What their hands find to do, with their might:
To accomplish the gathering of Israel,
They are toiling by day and by night.

I wonder if it isn’t time to revive this hymn, or at least the attitudes that it embodies, in a 21st century context.

Emigrants are no longer relocating in a physical sense in response to the Gospel call. In another sense, every year brings a new wave of Church members who mature in years and knowledge and curiosity, who want a closer relation, a deeper understanding, of their faith, its teachings, and the history of the Church they belong to. Via Google searches, online communities, and personal inquiry, they seek a more direct awareness of all things Mormon.

Sometimes what they find shocks and disillusions them. There can sometimes be a great gulf between the expectations they imbibed as children and the realities they face as adults. Sometimes that is the fault of their teachers – like homesick missionaries, or missionaries who think there is no necessity of describing the hardships to be faced in Utah, their teachers have given them only the most glowing, most simplistic account of Church history. Sometimes that is the fault, to some extent, of the members themselves – like emigrants who failed to consult available guidebooks, they were content to listen passively without seeking out even the most widely available fuller accounts.

And now they are faced with reality. Some square their shoulders and go to work, adapting to conditions as they are. Some flounder, unsure of what to do, where to find satisfactory answers, especially when those they should be able to depend on seem too busy “to attend to [their] personal welfare, and always be comforting [them].” Some climb back on the train and flee from Zion entirely, and some who do so speak against their former home with all the missionary zeal of the 19th century leavers-of-Zion.

Maybe those of us who are already firmly entrenched in the Zion of mature faith can offer more time and more love, reaching out to the newcomers who are, for the first time, facing a landscape they did not expect.

Maybe those who are emigrating from the simplistic Zion of unquestioning childhood and youth can hang on a little longer, learn from those who have made the adjustment, and keep the faith that has sustained generations of Saints who have matured in the real Zion.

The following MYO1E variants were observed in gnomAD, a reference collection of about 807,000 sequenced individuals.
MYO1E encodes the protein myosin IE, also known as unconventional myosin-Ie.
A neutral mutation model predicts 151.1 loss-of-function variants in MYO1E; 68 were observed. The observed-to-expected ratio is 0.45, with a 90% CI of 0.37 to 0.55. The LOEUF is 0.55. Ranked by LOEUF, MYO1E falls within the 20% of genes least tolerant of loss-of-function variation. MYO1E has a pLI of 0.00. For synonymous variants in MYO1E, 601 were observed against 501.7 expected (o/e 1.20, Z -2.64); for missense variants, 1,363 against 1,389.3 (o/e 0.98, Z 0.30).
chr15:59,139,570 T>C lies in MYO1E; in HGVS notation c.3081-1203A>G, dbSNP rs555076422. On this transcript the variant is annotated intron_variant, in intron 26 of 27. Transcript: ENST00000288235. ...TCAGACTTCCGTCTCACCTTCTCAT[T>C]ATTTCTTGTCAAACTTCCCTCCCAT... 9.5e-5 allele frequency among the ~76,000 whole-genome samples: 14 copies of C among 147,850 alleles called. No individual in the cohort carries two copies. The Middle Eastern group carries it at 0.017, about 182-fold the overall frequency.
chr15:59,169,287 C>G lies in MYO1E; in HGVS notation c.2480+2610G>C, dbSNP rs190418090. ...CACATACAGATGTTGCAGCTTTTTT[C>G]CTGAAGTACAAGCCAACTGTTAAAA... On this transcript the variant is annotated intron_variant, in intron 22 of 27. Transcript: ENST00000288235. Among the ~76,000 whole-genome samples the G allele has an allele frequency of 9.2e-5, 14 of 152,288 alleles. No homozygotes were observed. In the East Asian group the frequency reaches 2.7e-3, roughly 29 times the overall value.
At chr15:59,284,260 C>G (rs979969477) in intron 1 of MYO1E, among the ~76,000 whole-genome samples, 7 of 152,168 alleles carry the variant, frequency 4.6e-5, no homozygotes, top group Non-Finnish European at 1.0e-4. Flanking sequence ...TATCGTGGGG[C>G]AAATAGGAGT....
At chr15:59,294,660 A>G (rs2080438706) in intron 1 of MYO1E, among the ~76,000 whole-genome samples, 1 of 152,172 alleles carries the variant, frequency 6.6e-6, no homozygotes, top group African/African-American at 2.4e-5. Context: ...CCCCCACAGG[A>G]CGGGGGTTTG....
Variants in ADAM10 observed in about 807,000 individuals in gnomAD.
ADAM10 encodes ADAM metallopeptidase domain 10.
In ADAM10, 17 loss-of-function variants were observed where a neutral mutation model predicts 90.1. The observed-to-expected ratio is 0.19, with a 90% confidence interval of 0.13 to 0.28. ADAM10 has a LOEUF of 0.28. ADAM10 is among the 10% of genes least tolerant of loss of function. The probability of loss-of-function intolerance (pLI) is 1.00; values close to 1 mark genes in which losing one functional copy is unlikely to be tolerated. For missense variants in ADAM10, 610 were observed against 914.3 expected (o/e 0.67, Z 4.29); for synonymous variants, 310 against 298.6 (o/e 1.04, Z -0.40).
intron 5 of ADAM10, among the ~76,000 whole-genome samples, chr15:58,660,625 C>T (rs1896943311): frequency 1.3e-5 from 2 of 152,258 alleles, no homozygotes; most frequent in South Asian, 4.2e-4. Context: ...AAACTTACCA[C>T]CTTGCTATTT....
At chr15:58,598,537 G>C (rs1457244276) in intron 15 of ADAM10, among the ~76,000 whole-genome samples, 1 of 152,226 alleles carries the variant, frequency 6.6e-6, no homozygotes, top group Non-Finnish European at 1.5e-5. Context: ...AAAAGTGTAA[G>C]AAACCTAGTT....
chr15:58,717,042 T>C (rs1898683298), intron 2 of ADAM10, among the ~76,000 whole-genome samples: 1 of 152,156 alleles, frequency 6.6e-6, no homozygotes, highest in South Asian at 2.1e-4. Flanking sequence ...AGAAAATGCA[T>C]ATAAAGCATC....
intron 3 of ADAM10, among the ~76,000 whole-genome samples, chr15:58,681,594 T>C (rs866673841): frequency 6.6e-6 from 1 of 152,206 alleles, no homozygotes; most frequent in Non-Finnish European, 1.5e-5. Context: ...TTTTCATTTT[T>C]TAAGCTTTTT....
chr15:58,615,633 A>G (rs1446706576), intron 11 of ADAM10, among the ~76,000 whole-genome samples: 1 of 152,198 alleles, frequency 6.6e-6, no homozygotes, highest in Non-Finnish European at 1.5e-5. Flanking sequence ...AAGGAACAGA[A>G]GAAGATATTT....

Think not, when you gather to Zion,
The prize and the victory won –
Think not that the warfare is ended,
Or the work of salvation is done:
No, no, for the great Prince of Darkness
A ten-fold exertion will make,
When he sees you approaching the fountain
Where the truth you may freely partake.



  1. You make a great, important point, Ardis.

    Comment by Gary Bergera — March 4, 2014 @ 8:44 am

  2. Framing this essay with Eliza’s hymn is a masterful touch. Thanks for this.

    Comment by kevinf — March 4, 2014 @ 9:24 am

  3. What a revelation. I loved this. I’m sure Eliza is nodding in agreement, too.

    As to the substance, it is a wonderful parallel you make. I see two aspects to the dissonance you speak of: Zion is embodied in both the wider Church, as well as ones local congregation. Because no one’s gathering to Utah, but we are still to be Zion here in our own zip code, it places the burden squarely on us–me–to show love and kindness to those struggling to find their footing.

    Comment by David Y. — March 4, 2014 @ 9:30 am

  4. P.S. One more thing: this essay seems well suited to an oral reading. I plan to read it aloud to my wife. It’s easiy digestible, but poetic, too. What a gift, thanks.

    Comment by David Y. — March 4, 2014 @ 9:34 am

  5. As we’ve seen converts baptized into our ward over the years, my husband has sometimes said that they should be given a copy of this song at their baptism, but until reading your essay here, I’d never thought to apply the message to myself!

    There is a performance of this song on a podcast about Eliza R. Snow and her music (Mormon Channel: History of Hymns: Eliza R. Snow). It’s at about 26:45.

    It’s worth listening to the whole podcast (the whole series, actually) but if you only have a few minutes, don’t miss the contrasting “Song for the Camp of Israel” at about 20:00.